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Monday, January 17, 2011

"Half-Way There": A Look at Enoki Films USA's Catalog Part 2

The first time we took a look at Enoki Films' catalog we took a look at the titles within the company's "Action Adventure" section. In this part we'll be taking a look at the company's "Anime Action" section. Before we take a look at titles within this section that are potentially worth looking at, let's go over that infamous deal between Enoki Films USA and Media Blasters that I alluded to a few times in Part 1.

Yeah, it's a repeat...  So sue me.

Back in the early 2000s Media Blasters licensed four shows from Enoki: Knight Hunters/Weiss Kreuz, Gokudo, Zenki, and Fortune Quest L. Apparently MB said that they would only release all of Zenki if the first collection of 13 episodes, which is what CPM released back on VHS, sold well enough. Well Zenki got fully released and I guess Gokudo did well enough, because in 2002 MB licensed and released a large batch of titles from Enoki: Babel II: Beyond Infinity, Genma Wars, Gun Frontier, and Cosmo Warrior Zero. MB also licensed some shows but never released them: Wild 7 Another, Demon Lord Dante (this would later see release via Geneon), Barom One, and Mars (I'm going to guess this would have been Shin Seiki Den Mars, the most recent anime adaptation of Mitsuteru Yokoyama's Mars manga). While that first batch sold well this second batch was infamous for not only selling poorly but also being filled with less-than-stellar licenses, and Babel II and Genma Wars are generally considered straight-up crap. It was such a bad deal that Media Blasters never released all of their licenses, the ones I mentioned before, and Fortune Quest only got one DVD released. John Sirabella himself has recalled that deal as being very sour and not one he would want to go through again. And if you looks at Enoki's catalog, you'll see that the second batch of titles came entirely from the "Anime Action" section... So, yeah, this section of the catalog is pretty infamous, but there's still some titles in here worth taking a look at:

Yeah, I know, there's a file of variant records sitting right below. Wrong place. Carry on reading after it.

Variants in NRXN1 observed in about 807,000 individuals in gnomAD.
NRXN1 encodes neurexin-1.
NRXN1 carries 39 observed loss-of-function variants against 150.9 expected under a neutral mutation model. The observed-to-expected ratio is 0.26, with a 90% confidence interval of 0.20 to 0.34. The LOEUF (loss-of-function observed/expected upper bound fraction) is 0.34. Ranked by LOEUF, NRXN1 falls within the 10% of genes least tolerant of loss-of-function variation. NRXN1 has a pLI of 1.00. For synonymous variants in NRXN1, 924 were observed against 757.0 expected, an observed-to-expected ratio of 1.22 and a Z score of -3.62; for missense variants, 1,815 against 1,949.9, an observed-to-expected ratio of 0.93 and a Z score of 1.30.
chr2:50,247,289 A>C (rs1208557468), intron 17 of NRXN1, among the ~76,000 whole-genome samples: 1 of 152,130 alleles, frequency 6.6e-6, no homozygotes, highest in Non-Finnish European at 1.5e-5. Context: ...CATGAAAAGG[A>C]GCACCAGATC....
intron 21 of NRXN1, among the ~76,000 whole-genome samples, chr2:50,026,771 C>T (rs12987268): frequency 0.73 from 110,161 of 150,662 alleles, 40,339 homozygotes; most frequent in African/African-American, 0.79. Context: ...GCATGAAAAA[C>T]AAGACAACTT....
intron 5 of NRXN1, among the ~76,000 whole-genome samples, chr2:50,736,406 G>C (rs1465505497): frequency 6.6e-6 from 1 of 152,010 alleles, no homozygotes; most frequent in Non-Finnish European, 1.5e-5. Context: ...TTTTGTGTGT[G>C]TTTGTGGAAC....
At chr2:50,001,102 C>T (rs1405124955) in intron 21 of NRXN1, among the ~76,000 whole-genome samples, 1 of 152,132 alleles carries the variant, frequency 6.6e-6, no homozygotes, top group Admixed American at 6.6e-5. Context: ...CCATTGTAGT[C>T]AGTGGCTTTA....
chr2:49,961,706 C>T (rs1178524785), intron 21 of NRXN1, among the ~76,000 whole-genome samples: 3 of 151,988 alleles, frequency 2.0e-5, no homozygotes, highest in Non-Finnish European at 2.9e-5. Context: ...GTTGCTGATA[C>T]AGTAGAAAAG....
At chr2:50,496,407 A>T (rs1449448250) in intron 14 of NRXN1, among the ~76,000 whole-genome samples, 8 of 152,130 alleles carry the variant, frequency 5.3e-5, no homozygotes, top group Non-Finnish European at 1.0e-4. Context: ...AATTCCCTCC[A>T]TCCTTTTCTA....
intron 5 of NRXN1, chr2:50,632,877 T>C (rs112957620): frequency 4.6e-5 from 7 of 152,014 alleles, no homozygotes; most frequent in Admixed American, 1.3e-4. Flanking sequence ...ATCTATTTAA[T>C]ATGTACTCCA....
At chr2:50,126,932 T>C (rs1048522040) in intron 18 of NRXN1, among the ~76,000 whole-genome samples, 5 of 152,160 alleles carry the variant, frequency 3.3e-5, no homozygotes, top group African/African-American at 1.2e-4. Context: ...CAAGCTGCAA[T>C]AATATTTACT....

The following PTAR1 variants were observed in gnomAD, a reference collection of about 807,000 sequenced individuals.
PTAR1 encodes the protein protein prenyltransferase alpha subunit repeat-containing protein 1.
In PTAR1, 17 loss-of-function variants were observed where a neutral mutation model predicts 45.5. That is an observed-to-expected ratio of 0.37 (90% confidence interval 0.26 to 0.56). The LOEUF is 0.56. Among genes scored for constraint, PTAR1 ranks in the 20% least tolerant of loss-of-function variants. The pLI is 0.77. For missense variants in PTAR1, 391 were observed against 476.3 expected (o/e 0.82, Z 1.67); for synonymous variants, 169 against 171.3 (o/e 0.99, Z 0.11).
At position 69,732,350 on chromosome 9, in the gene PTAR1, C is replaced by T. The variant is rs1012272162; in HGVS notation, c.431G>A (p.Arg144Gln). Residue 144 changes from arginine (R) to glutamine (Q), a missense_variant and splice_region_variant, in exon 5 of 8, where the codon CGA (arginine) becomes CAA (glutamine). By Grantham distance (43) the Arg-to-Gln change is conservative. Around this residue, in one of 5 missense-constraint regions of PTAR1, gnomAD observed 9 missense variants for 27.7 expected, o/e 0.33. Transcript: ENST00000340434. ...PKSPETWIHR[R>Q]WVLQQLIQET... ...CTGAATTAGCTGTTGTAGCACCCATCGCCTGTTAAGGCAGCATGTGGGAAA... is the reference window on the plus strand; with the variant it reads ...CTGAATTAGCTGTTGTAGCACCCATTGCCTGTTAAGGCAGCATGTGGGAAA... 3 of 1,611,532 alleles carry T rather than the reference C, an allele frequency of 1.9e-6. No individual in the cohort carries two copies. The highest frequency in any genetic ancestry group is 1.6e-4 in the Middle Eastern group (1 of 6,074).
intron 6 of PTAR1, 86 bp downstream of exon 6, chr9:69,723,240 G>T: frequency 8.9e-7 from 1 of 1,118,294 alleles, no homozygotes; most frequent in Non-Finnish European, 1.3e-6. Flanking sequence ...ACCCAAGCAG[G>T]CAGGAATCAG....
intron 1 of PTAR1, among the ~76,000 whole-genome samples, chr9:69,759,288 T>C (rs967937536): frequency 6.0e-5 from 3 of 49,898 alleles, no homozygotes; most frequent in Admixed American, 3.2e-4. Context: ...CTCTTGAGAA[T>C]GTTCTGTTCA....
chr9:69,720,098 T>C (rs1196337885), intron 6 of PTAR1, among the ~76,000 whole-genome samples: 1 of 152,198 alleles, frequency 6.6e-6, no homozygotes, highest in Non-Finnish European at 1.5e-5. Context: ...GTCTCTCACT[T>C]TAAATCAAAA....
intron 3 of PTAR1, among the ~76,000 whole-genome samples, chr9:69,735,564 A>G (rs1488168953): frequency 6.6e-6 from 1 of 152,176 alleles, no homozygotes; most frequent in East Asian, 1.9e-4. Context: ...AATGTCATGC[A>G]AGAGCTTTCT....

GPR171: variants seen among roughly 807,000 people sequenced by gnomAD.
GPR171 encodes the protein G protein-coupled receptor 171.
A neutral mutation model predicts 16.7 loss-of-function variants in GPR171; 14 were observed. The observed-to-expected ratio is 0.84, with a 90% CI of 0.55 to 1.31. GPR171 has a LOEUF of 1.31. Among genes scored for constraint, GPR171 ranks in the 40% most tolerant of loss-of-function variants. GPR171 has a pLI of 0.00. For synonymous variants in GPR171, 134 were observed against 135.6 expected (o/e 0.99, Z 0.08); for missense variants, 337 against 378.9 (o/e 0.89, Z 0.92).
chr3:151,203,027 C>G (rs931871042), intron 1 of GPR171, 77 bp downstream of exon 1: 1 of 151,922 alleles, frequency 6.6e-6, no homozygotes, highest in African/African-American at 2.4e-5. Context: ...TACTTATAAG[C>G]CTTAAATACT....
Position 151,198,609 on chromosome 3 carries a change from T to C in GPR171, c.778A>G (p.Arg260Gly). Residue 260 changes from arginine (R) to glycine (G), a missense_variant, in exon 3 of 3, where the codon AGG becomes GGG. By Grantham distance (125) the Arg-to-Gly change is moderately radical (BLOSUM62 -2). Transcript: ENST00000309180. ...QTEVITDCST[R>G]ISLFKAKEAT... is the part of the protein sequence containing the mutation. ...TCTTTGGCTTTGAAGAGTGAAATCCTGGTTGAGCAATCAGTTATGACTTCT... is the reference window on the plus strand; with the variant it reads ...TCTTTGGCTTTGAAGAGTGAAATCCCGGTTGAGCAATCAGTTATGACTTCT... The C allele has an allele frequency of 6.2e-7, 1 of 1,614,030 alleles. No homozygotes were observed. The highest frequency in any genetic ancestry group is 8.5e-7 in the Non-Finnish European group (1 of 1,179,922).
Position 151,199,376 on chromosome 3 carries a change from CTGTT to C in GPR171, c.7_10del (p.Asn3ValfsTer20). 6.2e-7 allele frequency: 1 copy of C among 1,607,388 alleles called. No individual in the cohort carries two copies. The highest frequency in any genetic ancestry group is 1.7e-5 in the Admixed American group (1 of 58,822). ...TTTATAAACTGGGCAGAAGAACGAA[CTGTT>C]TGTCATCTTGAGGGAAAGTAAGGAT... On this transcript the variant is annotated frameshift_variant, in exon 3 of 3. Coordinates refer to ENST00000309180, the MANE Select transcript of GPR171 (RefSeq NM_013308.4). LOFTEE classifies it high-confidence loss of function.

Majuu Sensen: The Apocalypse (13 episodes)